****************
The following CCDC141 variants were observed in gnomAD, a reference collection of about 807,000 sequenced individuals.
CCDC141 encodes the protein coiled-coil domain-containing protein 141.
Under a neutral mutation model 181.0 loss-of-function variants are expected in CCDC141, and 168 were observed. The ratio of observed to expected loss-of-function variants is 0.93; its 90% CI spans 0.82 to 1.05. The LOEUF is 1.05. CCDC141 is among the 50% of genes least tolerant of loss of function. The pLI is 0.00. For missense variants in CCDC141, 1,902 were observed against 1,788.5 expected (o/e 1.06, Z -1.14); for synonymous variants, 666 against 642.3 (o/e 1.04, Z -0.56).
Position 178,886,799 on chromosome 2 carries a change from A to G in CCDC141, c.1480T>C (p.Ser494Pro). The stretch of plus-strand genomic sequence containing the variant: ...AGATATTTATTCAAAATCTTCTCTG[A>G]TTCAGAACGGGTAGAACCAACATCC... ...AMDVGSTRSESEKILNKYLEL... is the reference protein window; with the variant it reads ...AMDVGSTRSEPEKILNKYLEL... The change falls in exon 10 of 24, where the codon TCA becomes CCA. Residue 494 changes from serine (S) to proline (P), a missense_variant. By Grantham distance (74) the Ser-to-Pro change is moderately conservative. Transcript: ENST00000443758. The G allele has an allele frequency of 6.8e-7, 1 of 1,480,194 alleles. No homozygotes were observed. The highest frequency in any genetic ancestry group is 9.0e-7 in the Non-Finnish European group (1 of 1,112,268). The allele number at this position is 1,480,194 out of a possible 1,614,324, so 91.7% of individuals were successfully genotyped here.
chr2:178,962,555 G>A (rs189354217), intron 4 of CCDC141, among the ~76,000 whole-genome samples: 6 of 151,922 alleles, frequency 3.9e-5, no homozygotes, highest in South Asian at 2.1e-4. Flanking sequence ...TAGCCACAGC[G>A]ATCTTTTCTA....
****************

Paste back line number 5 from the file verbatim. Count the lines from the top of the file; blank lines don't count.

chr2:178,962,555 G>A (rs189354217), intron 4 of CCDC141, among the ~76,000 whole-genome samples: 6 of 151,922 alleles, frequency 3.9e-5, no homozygotes, highest in South Asian at 2.1e-4. Flanking sequence ...TAGCCACAGC[G>A]ATCTTTTCTA....